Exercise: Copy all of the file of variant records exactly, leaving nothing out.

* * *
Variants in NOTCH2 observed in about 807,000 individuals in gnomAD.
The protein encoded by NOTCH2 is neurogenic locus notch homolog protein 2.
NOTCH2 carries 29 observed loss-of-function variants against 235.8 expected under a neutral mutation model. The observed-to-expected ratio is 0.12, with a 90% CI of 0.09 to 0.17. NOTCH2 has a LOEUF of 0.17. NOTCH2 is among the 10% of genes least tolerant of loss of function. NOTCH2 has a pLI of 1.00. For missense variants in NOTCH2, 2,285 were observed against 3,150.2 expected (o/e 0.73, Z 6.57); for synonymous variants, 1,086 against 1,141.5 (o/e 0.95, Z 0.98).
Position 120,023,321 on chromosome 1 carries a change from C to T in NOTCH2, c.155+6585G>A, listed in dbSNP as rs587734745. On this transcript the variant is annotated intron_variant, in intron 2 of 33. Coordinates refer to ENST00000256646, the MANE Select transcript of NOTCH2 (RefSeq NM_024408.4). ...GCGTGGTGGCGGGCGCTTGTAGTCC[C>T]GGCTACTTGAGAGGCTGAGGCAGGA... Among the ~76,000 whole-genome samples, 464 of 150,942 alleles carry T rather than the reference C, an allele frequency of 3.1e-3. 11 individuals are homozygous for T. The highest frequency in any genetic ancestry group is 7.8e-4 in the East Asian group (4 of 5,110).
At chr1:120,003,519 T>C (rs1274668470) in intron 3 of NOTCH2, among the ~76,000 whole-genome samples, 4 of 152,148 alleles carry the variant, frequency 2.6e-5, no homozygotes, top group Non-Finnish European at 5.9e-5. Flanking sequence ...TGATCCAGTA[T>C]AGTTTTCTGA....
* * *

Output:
Variants in NOTCH2 observed in about 807,000 individuals in gnomAD.
The protein encoded by NOTCH2 is neurogenic locus notch homolog protein 2.
NOTCH2 carries 29 observed loss-of-function variants against 235.8 expected under a neutral mutation model. The observed-to-expected ratio is 0.12, with a 90% CI of 0.09 to 0.17. NOTCH2 has a LOEUF of 0.17. NOTCH2 is among the 10% of genes least tolerant of loss of function. NOTCH2 has a pLI of 1.00. For missense variants in NOTCH2, 2,285 were observed against 3,150.2 expected (o/e 0.73, Z 6.57); for synonymous variants, 1,086 against 1,141.5 (o/e 0.95, Z 0.98).
Position 120,023,321 on chromosome 1 carries a change from C to T in NOTCH2, c.155+6585G>A, listed in dbSNP as rs587734745. On this transcript the variant is annotated intron_variant, in intron 2 of 33. Coordinates refer to ENST00000256646, the MANE Select transcript of NOTCH2 (RefSeq NM_024408.4). ...GCGTGGTGGCGGGCGCTTGTAGTCC[C>T]GGCTACTTGAGAGGCTGAGGCAGGA... Among the ~76,000 whole-genome samples, 464 of 150,942 alleles carry T rather than the reference C, an allele frequency of 3.1e-3. 11 individuals are homozygous for T. The highest frequency in any genetic ancestry group is 7.8e-4 in the East Asian group (4 of 5,110).
At chr1:120,003,519 T>C (rs1274668470) in intron 3 of NOTCH2, among the ~76,000 whole-genome samples, 4 of 152,148 alleles carry the variant, frequency 2.6e-5, no homozygotes, top group Non-Finnish European at 5.9e-5. Flanking sequence ...TGATCCAGTA[T>C]AGTTTTCTGA....